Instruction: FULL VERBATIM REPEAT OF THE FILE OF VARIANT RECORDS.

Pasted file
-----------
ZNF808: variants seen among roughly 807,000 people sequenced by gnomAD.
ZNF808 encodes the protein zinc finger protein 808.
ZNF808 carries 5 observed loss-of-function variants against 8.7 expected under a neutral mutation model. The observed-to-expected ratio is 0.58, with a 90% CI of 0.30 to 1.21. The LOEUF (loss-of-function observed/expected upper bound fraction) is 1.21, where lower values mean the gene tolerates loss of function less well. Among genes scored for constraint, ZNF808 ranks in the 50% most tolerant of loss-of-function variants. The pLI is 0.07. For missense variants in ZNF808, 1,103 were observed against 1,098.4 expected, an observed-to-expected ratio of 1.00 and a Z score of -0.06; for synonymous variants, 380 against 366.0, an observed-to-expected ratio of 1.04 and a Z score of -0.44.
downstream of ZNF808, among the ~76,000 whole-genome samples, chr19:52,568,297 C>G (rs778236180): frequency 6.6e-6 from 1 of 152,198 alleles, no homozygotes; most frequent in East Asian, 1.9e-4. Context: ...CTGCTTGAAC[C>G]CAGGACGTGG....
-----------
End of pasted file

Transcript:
ZNF808: variants seen among roughly 807,000 people sequenced by gnomAD.
ZNF808 encodes the protein zinc finger protein 808.
ZNF808 carries 5 observed loss-of-function variants against 8.7 expected under a neutral mutation model. The observed-to-expected ratio is 0.58, with a 90% CI of 0.30 to 1.21. The LOEUF (loss-of-function observed/expected upper bound fraction) is 1.21, where lower values mean the gene tolerates loss of function less well. Among genes scored for constraint, ZNF808 ranks in the 50% most tolerant of loss-of-function variants. The pLI is 0.07. For missense variants in ZNF808, 1,103 were observed against 1,098.4 expected, an observed-to-expected ratio of 1.00 and a Z score of -0.06; for synonymous variants, 380 against 366.0, an observed-to-expected ratio of 1.04 and a Z score of -0.44.
downstream of ZNF808, among the ~76,000 whole-genome samples, chr19:52,568,297 C>G (rs778236180): frequency 6.6e-6 from 1 of 152,198 alleles, no homozygotes; most frequent in East Asian, 1.9e-4. Context: ...CTGCTTGAAC[C>G]CAGGACGTGG....